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Lightning Bug Lessons

They’re everywhere. Caravans of families in cars, on planes, in hotel rooms and rented homes, in Grandma’s basement, sprawled out on their sister-in-law’s pull out couch, at Disney world, at the shore/beach/lake/cruise ship. It’s time for the annual family summer vacation. And sometimes, it feels as fun as the end of Thanksgiving dinner when there are a thousand plates to clean and the creative planning commences of what to do with all the leftover turkey. When these vacationing families cross paths on the crowded boardwalk, it’s often the grim-faced fathers that nod in solidarity to the other men. “I see you. I recognize you. I validate you. You - that man who worked hard all year to be able to afford this FUN FAMILY VACATION. You - that man who is currently carrying one child on your sunburnt shoulders, while another repeatedly steps on your flip-flopped foot, while another is running full-force down the boardwalk as your wife frantically screams after him. Yeah man, this is the life.” Why do we work so hard for something good (another friend asks this same question, in a different setting)? We plan, we pack, we agonize over which DVD’s to bring and which to leave behind. And no matter how much planning we do for the perfect road trip, someone always gets sick in the car, loses their lego guy in the crack between seats and no one successfully coordinates the urge to all have to visit the potty at the same time. In the course of a year, there are a few opportunities to consolidate the ‘best of times and the worst of times’ in a family's heritage. The summer family vacation offers that unique setting in which you can fall in love with the people you moments ago would have happily left at the rest stop at mile marker 334. In my extended family, we try to adhere to the ’72 hour rule’ - and no matter how much I love my family and vice versa - when you pass that mark, it can be like walking in a minefield. Most of the time, it’s fine. But here and there, someone steps left and you’re left wondering if the extra day was worth the lost limb. And then. But then. There’s magic. The packing and the traveling and the fighting fades away, and they’re on the beach holding hands watching the sun explode down. And it’s like your wedding day - after all the planning and the wrong-flavored-cake and the wilted flowers - there's a moment when he twirls you and smiles and says “Hi there wife.” Magic. It's like that when fireflies light up the sky like lightning. And you forget they’re bugs and remember about God. And think, He did this. He made bugs beautiful - the kind your three your old chases after to hold in his hand then say, “Mommy, do you LOVE this day?!?!” You realize in that moment that it’s this kind of moment that makes life life. This is the kind of thing that matters. And pretty much nothing else does. Not really. I decided recently to be delighted with my life. To try whenever possible to see the moments of loveliness, to remember that these messy (LOUD!) childhood seasons, like summer, like fireflies, are fleeting. And no matter how extra hard it is when everything hinges on vacations meeting lofty expectations, no matter how many juice boxes get spilled in the back seat from here to FUN, no matter how many times every kid says “are we there yet” like a never ending song - when we get there, we’re going to have magical moments they will remember all of their lives. So will I. So I say it like the old children's mantra: “I do believe in fairies, I do. I DO believe in fairies.” "I am delighted with my life, my delightful, light-full life." Delight. It’s everywhere. You just have to catch it, then hold it in your hand. (But more gently than say, a three year old.)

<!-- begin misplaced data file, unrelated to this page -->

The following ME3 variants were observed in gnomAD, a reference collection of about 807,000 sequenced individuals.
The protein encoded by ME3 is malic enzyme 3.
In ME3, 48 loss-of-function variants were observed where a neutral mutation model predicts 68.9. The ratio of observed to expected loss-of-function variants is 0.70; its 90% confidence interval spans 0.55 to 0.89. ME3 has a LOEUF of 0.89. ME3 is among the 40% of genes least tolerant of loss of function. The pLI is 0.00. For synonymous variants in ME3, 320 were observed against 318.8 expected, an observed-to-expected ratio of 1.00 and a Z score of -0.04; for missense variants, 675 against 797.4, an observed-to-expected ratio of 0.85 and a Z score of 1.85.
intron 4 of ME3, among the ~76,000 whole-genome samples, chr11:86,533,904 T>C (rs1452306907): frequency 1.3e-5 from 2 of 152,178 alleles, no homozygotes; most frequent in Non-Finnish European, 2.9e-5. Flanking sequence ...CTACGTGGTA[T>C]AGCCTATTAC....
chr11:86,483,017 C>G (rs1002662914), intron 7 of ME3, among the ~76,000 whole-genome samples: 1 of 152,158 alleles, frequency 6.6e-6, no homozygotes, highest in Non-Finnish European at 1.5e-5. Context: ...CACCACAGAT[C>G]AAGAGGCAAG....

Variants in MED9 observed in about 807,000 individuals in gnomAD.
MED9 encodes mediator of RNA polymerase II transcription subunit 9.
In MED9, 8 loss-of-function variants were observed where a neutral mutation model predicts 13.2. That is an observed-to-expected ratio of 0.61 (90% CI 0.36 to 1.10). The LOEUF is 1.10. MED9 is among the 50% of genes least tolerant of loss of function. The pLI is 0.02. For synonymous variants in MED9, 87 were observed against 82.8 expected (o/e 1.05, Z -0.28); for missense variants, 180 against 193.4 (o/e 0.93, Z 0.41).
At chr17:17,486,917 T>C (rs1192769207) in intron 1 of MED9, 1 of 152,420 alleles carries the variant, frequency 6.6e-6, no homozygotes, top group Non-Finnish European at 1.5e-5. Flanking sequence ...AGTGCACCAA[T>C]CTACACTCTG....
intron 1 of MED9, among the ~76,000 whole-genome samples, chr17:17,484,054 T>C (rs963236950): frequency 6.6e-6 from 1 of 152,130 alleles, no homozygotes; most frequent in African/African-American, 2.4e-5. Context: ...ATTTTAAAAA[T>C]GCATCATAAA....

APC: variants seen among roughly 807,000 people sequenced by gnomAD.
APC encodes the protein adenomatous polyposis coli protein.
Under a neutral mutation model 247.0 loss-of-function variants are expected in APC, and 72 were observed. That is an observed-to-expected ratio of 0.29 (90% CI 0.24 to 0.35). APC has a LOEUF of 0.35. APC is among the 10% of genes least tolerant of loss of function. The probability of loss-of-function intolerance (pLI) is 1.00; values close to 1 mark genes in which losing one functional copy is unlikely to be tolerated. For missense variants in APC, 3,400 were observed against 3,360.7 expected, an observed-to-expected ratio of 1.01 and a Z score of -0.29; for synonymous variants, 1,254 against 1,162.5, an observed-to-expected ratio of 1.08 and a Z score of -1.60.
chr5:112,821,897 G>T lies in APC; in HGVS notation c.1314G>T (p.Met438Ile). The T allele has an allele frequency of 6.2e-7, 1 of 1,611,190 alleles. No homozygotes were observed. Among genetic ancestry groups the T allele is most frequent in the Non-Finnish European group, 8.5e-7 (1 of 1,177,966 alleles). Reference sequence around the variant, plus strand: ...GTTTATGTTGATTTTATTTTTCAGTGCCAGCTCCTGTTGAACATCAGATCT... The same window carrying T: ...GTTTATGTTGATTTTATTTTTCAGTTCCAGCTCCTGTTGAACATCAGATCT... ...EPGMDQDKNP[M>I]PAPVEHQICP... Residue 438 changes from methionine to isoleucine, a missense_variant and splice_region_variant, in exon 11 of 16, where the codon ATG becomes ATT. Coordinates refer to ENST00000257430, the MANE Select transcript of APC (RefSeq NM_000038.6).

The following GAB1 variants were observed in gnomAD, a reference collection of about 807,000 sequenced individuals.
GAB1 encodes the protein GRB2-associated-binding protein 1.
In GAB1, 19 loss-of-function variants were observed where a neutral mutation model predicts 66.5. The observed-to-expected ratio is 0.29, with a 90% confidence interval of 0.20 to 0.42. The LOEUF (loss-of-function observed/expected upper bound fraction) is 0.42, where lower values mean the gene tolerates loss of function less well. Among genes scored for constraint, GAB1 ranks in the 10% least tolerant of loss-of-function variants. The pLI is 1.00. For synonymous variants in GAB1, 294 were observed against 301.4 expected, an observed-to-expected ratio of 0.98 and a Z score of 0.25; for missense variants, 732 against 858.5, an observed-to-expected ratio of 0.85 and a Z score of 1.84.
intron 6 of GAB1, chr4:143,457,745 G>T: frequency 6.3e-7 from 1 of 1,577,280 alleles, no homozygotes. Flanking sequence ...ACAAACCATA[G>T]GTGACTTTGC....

Lightning Bug Lessons 6/29/2013 4 Comments

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